mReactInstanceManager.onHostResume(this, this);
        }
    }

    @Override
    public boolean onKeyUp(int keyCode, KeyEvent event) {
        if (keyCode == KeyEvent.KEYCODE_MENU && mReactInstanceManager != null) {
            mReactInstanceManager.showDevOptionsDialog();
            return true;
        } 
        return super.onKeyUp(keyCode, event);
    }
}

Finally, you'll notice the reference to (MyApplication) throughout the code; this is a global Application object to contain our ReactInstanceManager, AKA the bridge between Android and React Native. This is the pattern that the React Native projects use internally, so I simply copied it. Here's how it's implemented:

public class MyApplication extends Application implements ReactApplication {
    private final ReactNativeHost mReactNativeHost = new ReactNativeHost(this) {
        @Override
        public boolean getUseDeveloperSupport() {
            return true;
        }

        @Override
        public List<ReactPackage> getPackages() {
            return Arrays.<ReactPackage>asList(
                    new MainReactPackage()
            );
        }
    };

    @Override
    public ReactNativeHost getReactNativeHost() {
        return mReactNativeHost;
    }
}

The trickiest bit was figuring out the lifecycle between the Fragment and the Activity; the ReactRootView needs a reference to the Activity context in order to instantiate, so making sure that getActivity() would not be null was important. Also, registering the onHostPause() and onHostResume() in the parent Activity was unintuitive at first, but ultimately proved simpler once the ReactNativeInstanceManager was abstracted away into a global instead of keeping it on the Activity or Fragment.

Hope this helps someone else out there!

7
  • i have tried your implementation. it's opening react page in fragment but the touch listener in react is not working. can you please suggest someway to work on this custom view.
    – Corrupt
    Aug 9, 2016 at 11:35
  • @Corrupt I'm not sure why that would be the case. Does it work when you use a normal ReactActivity or try it in an app created with react-native init?
    – lilactown
    Aug 10, 2016 at 19:20
  • I have tried with react activity and made project with the above mentioned command but it's not working. I am getting "Unable to dispatch touch to JS as the catalyst instance has not been attached" in my log cat.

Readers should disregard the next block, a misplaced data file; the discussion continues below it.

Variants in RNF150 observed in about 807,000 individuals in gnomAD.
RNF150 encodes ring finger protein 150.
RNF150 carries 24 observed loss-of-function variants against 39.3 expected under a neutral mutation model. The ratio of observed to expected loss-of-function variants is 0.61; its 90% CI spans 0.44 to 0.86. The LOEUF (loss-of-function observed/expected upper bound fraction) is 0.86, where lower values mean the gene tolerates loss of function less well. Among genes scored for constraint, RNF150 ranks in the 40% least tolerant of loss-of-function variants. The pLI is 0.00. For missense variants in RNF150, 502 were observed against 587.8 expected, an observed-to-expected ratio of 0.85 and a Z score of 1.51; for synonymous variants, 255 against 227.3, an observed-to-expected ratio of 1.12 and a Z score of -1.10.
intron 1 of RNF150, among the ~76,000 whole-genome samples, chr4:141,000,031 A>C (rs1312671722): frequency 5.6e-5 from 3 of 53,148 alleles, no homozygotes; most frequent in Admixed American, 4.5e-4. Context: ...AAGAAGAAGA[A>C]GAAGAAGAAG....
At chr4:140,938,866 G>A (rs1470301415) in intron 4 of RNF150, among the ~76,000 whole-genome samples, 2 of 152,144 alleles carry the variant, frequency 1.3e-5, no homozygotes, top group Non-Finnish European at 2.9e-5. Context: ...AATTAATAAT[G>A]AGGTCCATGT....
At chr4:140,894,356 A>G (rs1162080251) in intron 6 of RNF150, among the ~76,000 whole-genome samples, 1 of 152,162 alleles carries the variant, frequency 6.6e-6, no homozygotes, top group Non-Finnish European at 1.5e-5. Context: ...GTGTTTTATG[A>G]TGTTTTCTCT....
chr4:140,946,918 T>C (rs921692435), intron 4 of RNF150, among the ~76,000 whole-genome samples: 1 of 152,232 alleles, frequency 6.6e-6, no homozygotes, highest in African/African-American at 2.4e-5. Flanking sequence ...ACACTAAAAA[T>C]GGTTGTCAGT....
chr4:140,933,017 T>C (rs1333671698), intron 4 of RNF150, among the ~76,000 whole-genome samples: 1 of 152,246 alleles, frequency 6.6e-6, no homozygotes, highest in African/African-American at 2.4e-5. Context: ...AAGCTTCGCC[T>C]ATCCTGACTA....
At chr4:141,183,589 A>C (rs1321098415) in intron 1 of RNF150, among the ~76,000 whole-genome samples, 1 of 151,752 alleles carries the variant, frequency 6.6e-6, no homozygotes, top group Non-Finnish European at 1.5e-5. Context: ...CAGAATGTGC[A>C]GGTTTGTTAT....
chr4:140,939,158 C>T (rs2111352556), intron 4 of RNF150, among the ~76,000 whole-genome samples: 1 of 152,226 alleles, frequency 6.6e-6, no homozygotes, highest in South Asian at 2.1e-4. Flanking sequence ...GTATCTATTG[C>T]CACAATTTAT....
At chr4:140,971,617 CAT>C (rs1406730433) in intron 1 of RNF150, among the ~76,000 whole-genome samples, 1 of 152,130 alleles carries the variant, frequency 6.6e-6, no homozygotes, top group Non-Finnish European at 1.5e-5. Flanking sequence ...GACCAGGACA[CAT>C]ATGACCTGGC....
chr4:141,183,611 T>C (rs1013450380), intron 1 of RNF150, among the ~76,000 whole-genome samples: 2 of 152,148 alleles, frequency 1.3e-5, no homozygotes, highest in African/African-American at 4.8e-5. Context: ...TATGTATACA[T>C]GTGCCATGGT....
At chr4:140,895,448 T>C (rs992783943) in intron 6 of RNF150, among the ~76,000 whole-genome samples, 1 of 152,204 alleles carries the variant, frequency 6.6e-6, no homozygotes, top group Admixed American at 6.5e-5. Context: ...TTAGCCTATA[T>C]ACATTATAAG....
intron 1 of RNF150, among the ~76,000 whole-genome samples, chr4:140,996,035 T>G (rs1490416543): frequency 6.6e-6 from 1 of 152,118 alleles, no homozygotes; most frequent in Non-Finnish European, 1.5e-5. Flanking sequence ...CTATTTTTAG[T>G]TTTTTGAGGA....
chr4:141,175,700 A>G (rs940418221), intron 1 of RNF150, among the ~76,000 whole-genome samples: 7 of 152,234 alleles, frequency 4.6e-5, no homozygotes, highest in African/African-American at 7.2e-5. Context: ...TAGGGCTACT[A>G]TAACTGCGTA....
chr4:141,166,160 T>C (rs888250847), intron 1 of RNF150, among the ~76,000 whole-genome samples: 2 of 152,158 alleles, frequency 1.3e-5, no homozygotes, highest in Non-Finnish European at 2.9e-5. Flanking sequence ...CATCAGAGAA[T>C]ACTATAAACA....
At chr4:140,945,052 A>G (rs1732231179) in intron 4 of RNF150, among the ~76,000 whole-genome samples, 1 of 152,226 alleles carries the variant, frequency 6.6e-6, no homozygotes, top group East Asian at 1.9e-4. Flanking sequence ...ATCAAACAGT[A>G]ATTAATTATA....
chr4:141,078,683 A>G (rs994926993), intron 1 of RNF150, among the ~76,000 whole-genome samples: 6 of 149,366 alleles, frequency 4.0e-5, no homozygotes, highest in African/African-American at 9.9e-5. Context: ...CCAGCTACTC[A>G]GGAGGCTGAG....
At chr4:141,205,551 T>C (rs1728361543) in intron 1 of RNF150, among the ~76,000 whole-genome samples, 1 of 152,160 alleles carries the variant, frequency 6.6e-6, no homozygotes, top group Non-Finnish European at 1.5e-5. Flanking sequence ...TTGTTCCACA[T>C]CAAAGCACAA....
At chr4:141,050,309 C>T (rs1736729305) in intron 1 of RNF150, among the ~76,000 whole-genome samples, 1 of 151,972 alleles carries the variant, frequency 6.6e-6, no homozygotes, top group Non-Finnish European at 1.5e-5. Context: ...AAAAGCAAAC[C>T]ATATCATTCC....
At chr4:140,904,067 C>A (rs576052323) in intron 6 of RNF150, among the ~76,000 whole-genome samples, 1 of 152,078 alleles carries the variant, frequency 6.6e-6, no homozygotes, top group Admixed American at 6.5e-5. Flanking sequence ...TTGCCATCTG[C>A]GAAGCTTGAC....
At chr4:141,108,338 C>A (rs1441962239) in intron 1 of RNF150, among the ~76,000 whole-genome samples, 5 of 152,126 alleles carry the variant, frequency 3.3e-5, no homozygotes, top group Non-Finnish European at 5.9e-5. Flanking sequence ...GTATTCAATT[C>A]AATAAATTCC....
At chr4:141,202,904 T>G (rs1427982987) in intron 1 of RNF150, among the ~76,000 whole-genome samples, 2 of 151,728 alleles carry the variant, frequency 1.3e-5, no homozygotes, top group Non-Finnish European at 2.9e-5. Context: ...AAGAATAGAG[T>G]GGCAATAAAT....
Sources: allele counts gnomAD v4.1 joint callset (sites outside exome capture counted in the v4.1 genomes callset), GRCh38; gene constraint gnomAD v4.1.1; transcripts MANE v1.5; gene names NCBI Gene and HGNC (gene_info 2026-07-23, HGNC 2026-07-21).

– Corrupt
    Aug 12, 2016 at 10:06
  • @Corrupt try adding this to your activity:
    – lilactown
    Aug 15, 2016 at 23:48
  • @Override public boolean onKeyUp(int keyCode, KeyEvent event) { if (keyCode == KeyEvent.KEYCODE_MENU && mReactInstanceManager != null) { mReactInstanceManager.showDevOptionsDialog(); return true; } return super.onKeyUp(keyCode, event); }
    – lilactown
    Aug 18, 2016 at 17:27
4

There is now an official ReactFragment available here that can be used to host react native inside a fragment.

Just make sure you have your react native host setup correctly, as the fragment tries to access the react native host on the application level, or overload it in a subclass:

// inside the ReactFragment
protected ReactNativeHost getReactNativeHost() {
    return ((ReactApplication) getActivity().getApplication()).getReactNativeHost();
}

you can then create the fragment using:

val reactNativeProcessFragment = ReactFragment.Builder()
    .setComponentName("nameUsedIn_AppRegistry.registerComponent")
    .build()
0
2

There are libraries available that handle this for you.

One that I use is react-native-android-fragment

As per the instructions on the linked GitHub repository:

  1. Add the following line to your build.gradle compile 'com.github.hudl:react-native-android-fragment:v0.43.2'.

e.g.

allprojects {
  repositories {
    ...
    maven { url 'https://jitpack.io' }
  }
}

dependencies {
  // Version will correspond to its dependnecy on React Native
  compile 'com.github.hudl:react-native-android-fragment:v0.43.2'
}
  1. Build you react code into the fragment

    Fragment reactFragment = new ReactFragment.Builder() .setComponentName("HelloWorld") .setLaunchOptions(launchOptions) // A Bundle of launch options .build();

  2. Place the Fragment in a FrameLayout that you would have in your XML layout file. In my case, the FrameLayout ID is react_holder.

    getSupportFragmentManager() .beginTransaction() .add(R.id.react_holder, reactFragment) .commit();

1